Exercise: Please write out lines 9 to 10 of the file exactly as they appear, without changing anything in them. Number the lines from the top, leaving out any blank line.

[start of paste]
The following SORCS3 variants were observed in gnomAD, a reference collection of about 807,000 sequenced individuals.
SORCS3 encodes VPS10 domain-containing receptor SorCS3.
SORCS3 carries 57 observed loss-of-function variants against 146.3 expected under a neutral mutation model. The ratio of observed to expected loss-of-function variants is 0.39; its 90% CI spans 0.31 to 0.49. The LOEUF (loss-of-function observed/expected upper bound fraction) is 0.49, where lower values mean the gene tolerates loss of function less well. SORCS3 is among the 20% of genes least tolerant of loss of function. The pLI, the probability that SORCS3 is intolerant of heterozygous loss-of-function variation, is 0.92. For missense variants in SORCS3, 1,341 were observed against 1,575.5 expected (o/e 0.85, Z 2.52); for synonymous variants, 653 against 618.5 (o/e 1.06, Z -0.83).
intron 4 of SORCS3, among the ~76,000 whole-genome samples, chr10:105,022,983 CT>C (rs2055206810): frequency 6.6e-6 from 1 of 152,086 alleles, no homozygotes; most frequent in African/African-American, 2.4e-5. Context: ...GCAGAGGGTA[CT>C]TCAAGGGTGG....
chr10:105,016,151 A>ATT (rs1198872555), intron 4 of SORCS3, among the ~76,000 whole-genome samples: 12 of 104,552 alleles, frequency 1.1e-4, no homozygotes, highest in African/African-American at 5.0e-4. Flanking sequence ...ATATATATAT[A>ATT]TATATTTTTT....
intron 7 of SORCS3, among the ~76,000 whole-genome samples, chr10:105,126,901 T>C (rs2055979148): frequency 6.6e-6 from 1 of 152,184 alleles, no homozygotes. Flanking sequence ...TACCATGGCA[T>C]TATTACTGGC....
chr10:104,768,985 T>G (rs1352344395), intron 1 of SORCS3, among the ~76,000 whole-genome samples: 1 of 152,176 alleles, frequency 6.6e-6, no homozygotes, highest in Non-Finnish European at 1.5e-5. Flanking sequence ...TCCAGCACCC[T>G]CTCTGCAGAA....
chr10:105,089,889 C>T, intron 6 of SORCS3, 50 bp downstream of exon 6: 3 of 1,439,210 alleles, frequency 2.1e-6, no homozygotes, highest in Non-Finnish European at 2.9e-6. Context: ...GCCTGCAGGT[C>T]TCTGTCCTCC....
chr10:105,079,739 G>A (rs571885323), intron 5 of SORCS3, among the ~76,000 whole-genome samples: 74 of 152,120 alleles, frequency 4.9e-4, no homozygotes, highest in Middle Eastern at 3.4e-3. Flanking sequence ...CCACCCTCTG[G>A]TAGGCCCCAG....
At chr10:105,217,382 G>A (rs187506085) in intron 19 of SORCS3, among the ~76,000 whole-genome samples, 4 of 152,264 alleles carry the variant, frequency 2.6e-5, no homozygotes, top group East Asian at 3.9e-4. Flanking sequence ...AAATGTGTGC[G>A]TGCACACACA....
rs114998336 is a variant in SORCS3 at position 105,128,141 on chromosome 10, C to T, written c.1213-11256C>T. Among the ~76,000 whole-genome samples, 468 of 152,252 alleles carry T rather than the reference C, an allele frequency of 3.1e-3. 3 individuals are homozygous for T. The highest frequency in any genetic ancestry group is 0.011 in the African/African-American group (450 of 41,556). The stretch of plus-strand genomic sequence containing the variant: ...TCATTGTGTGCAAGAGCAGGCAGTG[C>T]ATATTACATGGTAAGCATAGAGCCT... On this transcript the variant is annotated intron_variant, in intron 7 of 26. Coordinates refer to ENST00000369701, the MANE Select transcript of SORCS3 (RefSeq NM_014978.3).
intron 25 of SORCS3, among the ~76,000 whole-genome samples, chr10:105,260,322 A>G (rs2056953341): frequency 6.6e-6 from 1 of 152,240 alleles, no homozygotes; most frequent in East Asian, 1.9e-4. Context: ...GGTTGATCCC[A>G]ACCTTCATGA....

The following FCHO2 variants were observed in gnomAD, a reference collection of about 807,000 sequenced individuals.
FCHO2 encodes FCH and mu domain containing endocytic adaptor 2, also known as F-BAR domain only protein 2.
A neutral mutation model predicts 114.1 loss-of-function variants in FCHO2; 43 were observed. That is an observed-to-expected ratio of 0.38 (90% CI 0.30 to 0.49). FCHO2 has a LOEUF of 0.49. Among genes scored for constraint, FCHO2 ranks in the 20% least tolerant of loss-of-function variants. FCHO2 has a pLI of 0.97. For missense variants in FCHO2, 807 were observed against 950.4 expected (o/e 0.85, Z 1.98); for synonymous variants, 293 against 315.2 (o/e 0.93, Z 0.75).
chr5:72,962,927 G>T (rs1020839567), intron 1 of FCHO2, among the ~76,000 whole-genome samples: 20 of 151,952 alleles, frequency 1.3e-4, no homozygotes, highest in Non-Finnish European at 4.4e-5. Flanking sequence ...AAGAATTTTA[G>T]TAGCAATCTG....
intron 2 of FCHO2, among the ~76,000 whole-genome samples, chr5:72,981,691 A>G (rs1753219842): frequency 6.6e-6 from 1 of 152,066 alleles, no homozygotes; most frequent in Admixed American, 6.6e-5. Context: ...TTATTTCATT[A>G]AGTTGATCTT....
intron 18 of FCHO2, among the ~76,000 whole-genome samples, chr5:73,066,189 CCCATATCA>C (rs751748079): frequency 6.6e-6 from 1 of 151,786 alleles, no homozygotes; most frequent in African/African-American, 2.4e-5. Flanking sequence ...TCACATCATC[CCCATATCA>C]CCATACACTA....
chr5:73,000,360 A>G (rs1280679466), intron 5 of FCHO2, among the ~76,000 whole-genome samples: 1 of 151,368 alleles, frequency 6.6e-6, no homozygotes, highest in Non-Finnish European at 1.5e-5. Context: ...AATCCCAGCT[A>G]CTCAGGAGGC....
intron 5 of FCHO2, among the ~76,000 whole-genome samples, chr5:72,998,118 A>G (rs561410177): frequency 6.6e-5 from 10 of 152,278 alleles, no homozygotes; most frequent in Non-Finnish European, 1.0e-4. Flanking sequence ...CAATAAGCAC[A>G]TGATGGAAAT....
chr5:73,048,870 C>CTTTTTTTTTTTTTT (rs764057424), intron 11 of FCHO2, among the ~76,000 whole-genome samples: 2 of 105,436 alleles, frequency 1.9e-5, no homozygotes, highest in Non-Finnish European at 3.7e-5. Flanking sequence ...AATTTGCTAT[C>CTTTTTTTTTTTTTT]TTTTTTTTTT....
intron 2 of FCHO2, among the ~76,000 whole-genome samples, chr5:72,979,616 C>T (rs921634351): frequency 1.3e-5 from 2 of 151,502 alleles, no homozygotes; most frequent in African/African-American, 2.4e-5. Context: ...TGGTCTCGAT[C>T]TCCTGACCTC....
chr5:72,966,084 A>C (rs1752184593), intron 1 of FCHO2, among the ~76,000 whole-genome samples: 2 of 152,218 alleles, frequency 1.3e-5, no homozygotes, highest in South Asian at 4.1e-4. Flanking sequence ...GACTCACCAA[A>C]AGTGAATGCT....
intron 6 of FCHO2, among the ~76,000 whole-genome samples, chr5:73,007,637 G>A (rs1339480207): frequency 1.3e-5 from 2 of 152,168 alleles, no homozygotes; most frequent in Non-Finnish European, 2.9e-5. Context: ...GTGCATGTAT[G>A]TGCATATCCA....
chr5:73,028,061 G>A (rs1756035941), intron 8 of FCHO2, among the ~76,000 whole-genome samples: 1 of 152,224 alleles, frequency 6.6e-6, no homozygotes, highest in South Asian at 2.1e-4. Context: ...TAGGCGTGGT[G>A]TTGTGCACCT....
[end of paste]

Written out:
chr10:105,079,739 G>A (rs571885323), intron 5 of SORCS3, among the ~76,000 whole-genome samples: 74 of 152,120 alleles, frequency 4.9e-4, no homozygotes, highest in Middle Eastern at 3.4e-3. Flanking sequence ...CCACCCTCTG[G>A]TAGGCCCCAG....
At chr10:105,217,382 G>A (rs187506085) in intron 19 of SORCS3, among the ~76,000 whole-genome samples, 4 of 152,264 alleles carry the variant, frequency 2.6e-5, no homozygotes, top group East Asian at 3.9e-4. Flanking sequence ...AAATGTGTGC[G>A]TGCACACACA....